The class provided students the opportunity to gain and apply knowledge regarding human-centric product development utilizing industry-standard practices. Students were taught how to communicate with clients, understand their vision, needs, and wants, manage expectations, develop/maintain comprehensive documentation, and create a product with the main focus being to ensure client satisfaction.

As a Computing and Informatics, Psychology and Liberal Studies triple major, how did you get into a Junior/Senior Engineering Clinic?

I am not an engineering major, nor do I have any prior formal education in any field of engineering, nor would I satisfy the requirements needed to gain admission into Rowan’s engineering program, let alone be a part of a junior/senior level course. However, over the past four years, I have worked alongside a wide variety of engineering students and observed their world as a member of the Apprentice Engineering Team at Rowan, aka the A-Team, who Mr. Leone and Mr. Dyer manage together to efficiently support various initiatives and operations within the College of Engineering.

I was trying to figure out what to do during my 2019 summer vacation and then I remembered that Mr. Leone and Mr. Dyer were going to be teaching a summer course about project management, human-centric design, and providing students the opportunity to work on projects pitched by clients with the similar expectations as students would experience in a job setting. This sparked my interest out of sheer curiosity of wanting to learn things outside my comfort zone and academic discipline.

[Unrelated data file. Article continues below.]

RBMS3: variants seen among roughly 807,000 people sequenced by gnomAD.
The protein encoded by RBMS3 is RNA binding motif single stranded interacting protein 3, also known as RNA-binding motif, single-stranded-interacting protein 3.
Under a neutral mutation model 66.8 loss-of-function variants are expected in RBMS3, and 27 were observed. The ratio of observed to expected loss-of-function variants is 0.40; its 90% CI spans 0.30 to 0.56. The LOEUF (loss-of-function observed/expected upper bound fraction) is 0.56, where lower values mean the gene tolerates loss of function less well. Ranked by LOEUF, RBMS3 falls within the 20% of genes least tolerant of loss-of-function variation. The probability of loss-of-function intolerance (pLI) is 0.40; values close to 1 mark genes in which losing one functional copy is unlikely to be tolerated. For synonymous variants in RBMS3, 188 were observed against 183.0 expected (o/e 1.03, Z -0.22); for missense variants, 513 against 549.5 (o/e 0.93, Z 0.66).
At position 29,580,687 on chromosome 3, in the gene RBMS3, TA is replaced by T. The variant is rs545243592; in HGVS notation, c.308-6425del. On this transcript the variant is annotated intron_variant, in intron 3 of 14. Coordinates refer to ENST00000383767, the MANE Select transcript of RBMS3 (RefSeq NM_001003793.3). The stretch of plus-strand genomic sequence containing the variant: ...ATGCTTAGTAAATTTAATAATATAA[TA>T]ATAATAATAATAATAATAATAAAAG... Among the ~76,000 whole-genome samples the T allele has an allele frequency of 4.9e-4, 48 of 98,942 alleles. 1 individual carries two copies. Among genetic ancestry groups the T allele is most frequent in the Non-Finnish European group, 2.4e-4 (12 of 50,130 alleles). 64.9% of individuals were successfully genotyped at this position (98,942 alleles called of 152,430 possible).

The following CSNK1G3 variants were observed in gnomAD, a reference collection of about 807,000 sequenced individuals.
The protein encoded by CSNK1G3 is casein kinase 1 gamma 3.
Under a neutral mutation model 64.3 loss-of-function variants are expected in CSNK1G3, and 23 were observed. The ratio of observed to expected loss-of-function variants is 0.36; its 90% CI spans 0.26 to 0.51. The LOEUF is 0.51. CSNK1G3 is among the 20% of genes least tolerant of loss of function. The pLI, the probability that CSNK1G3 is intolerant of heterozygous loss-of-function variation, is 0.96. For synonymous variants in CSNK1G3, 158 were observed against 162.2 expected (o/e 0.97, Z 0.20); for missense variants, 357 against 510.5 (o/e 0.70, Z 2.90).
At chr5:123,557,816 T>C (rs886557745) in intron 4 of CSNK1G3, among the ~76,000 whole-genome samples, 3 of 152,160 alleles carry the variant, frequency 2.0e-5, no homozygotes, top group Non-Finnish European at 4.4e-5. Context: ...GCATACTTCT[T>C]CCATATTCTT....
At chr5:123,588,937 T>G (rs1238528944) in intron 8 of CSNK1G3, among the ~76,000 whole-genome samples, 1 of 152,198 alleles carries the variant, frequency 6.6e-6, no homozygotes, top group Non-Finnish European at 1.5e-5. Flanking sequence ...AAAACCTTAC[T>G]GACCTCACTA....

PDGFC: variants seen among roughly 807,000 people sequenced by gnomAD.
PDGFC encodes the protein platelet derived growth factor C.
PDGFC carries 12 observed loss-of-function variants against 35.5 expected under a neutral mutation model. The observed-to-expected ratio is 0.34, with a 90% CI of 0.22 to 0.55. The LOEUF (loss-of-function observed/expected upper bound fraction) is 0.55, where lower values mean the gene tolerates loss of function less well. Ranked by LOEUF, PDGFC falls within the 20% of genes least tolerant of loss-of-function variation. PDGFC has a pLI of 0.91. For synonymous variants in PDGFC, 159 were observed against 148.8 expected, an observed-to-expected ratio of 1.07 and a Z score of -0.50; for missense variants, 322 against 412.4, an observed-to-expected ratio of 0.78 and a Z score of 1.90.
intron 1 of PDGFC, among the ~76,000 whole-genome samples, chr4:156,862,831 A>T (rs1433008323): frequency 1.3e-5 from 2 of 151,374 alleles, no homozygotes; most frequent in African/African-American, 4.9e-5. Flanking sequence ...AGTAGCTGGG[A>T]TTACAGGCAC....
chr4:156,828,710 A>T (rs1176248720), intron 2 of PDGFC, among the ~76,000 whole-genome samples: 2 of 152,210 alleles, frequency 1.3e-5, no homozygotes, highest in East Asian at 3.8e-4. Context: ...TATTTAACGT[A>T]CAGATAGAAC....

About 30 minutes before the start of the first day of the course, I went to Mr. Leone’s office, and luckily Mr. Dyer was present as well. At that moment I asked Mr. Leone and Mr. Dyer if I could sit in on the course throughout the summer and just observe the discussions that were going to take place and try to learn some of the content they were teaching. They allowed me to sit in on the course, and throughout the summer I had a wonderful experience.